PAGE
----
As I checked into Pomerado Hospital on June 28, 2014 I had no idea what I was in for (and neither did my family for that matter). I checked into the Emergency Room after an entire day of running to the bathroom. I believe when I checked in I had gone to the bathroom approximately 12-15 times that day…and by that time all that was coming out was blood with immense pain. After the normal ER questions, blood pressure and blood draw I was admitted into the Hospital. Admittedly, I can’t recall every detail of my nearly two month Hospital stay-but I can recall most of it in bits and pieces.
After I was admitted we tried every drug possible (and by we I mean my GI doctor-Dr. Lee and I). One of the last drugs I tried was called 6-MP or Mercaptopurine which is used to treat leukemia and is known as a chemo pill. Ingesting this drug scared me more than anything, little did I know that taking Remicade would be what almost killed me.
I had my first Remicade infusion on July 7th and with little to no relief, my doctor assured me that after the second Remicade infusion is when most people start to feel better. So, slightly earlier than two weeks from the first Remicade infusion, on July 18th, I had my second Remicade Infusion. It was at this point that I think I started to blank out quite a bit. I do know that my Doctor’s colleague came in for morning rounds, as Dr. Lee was on Vacation that week, and when he yelled into the bathroom all I spoke was jiberish. He then looked at my husband and said, “What did she say…” and my husband responded with “I have no idea.” I have no recollection of this…but it was then that my husband knew something was wrong. At first, my husband was suspicious of a drug overdose…as I wasn’t making any sense and speaking in what he would refer to as “chipmunk” talk. I was speaking fast but making no sense. I would know where I was born, but not my birthdate. It was as if my mind was battling for reality. I remember my friend Kelsey visiting me, but only later on when I was conscious and talking would I ask my family, “Did she dye her hair blonde?” Everyone was impressed that even in my state of anaphylactic shock I could recall such events. I also recalled things that were untrue…I could have sworn I had something taken from me and put on a plane. Later I would realize that my peace of mind about the future was what would be taken.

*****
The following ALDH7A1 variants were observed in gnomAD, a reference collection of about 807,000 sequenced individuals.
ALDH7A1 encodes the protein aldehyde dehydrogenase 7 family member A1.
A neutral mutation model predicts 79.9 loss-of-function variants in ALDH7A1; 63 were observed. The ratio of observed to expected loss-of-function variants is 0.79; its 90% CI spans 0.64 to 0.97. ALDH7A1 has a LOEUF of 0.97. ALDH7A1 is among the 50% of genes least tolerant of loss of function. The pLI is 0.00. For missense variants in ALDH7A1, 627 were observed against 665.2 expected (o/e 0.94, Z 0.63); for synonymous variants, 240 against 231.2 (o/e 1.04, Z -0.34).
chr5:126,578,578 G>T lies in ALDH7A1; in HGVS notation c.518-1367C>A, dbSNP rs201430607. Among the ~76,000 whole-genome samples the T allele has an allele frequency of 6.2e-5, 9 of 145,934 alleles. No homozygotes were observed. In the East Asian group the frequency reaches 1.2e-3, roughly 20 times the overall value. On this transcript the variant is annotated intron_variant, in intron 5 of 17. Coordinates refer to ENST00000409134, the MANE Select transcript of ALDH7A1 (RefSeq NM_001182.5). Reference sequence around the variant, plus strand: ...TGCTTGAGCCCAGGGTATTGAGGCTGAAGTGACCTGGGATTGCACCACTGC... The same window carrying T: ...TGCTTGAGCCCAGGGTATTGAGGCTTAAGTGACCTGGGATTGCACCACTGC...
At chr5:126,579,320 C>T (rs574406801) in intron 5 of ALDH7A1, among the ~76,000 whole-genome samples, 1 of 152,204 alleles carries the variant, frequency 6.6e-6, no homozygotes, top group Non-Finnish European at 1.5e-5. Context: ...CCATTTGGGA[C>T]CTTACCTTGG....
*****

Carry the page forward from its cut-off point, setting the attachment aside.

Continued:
I was diagnosed with TTP (Thrombotic Thrombocytopenic Purpura) by a kidney specialist approximately four days into the darkest time in my life-up to this point. For those of you who have no idea what TTP is-it’s an extremely rare blood disorder where the platelets form like spider webs and when red blood cells pass through it cuts them in half which caused small blood clots all throughout my body. As a result it looked as if I was having mini strokes (or so my mother would tell me later on). It took my bone marrow being affected, my liver and kidneys almost shutting down for someone to figure what was wrong. I almost died because TTP was not a listed side effect of the drug remicade.
It took a pic line in my neck and ten plateletpheresis treatments where everyday for three hours through the pic line all the blood was drained from my body spun in a machine to take out all the bad platelets and replaced with donor platelets. So the next time you donate blood, plasma, or platelets think of me-it takes a lot of people to help one person. And if you’ve ever donated…maybe you saved my life!